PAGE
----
I won't go into my reply here. Just suffice it to say the conversation finished shortly thereafter.

Is this an isolated incident in Greeley? Maybe. Maybe not. I know I have seen it, heard it, watched it voted on, in other communities. Private schools, and charter schools, come with increases in property values around the school. They become a "snob-factor" socially for identifying those with means (who arguably care enough to get their child into the 'right' school). Which drives which, the entry of private schooling drives higher property values or higher property values drive private schooling, remains to be seen or researched in my case. But one thing that goes hidden underground underneath various forms of passive racism and social elitism is that all children need access to a quality education for America to sustain its power and advantage in the world economy.

I'd add on to that the negative long term effects of a tacit transfer of well rounded curriculum to private and charter schools, where kids still get daily access to the Arts and are tutored in the arts of emotional intelligence. This budding and building trend in creating new societal distinctions further isolates the general public access to an effective education. In turn, the availability by income, often is used for an argument to advance other needs above and beyond the basic castration of a well rounded education. The kids coming out of this public education system are our future workforce. Who is going to argue that above and beyond the teacher's being paid well and above and beyond the need for buses, books, and technology--the very essential structure that it takes to apply educational learning to real life situations has been gutted.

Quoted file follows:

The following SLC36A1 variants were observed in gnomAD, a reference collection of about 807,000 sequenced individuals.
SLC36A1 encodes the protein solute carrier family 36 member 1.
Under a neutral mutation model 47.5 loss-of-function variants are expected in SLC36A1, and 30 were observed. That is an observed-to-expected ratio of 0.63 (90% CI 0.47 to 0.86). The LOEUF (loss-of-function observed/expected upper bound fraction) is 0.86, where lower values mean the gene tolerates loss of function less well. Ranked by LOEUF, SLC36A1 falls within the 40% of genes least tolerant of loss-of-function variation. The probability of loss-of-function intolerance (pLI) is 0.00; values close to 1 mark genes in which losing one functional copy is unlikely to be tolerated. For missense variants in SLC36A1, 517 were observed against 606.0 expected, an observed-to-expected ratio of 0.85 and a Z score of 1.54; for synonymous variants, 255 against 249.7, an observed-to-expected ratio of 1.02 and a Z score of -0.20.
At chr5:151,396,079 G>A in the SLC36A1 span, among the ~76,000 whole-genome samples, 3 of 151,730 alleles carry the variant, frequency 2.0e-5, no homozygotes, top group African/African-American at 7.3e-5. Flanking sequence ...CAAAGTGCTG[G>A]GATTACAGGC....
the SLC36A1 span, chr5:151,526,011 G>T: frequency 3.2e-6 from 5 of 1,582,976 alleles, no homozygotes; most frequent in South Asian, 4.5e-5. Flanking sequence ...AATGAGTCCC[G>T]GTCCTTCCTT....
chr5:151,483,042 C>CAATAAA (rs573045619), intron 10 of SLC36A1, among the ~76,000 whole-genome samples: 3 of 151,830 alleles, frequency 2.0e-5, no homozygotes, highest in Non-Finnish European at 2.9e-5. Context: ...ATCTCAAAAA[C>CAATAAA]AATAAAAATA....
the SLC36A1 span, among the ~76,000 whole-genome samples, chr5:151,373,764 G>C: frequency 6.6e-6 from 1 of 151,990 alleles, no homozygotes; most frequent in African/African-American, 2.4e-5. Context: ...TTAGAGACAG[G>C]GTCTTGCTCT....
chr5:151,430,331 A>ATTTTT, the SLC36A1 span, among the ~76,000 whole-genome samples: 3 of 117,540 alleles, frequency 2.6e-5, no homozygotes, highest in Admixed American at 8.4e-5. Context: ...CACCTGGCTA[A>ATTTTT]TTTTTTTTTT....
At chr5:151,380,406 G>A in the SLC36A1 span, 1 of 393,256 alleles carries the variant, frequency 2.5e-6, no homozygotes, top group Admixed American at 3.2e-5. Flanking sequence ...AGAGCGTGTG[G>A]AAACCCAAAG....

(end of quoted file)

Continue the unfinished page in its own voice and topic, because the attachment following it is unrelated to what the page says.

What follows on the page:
In fact, it would appear, the Greeley community has signed onto this political and strategic gutting in the name of "saving money" and encouraging the free market system of survival of the fit and wealthy.

Certainly the middle-class Greeleyite in the coffee house will not be arguing at the Board to look at the forest instead of the trees. Certainly the administration isn't going to go there. How politically unchaste it would be to bring up that there is a bigger problem in Greeley than just fiscal per pupil spending. A strategic design problem? No way.

So how do we get Greeley citizens to look at the forest if the authorities are political self-interested cowards? Well that self-interest is something everyone has so it would be a likely place to start the conversation. Specifically, the self-interest that it is socially impolite to talk about the real problems in public. The conversation needs to be started is the same one that the community should be having with itself behind closed doors and is already having with their neighbors. This is the one that leaders need to bring out of the closet and into the open.

Here let me put it in baser terms. Forget the Arts for the moment. Let's roll up the sleeves and take on the basics. If the argument is why should the productive individual support educating those with lesser means, including the indigent, the immigrants (legal and illegal), the solution to private self-interest is rather simple. By educating those with lesser means the community, state, and nation will produce more productive adults and results in the community leading to less support needs in the future. That is an effective control on the future cost of societal needs to all taxpayers. Invest now to save later. Education influences health, income production, and healthy interactive citizens in a community.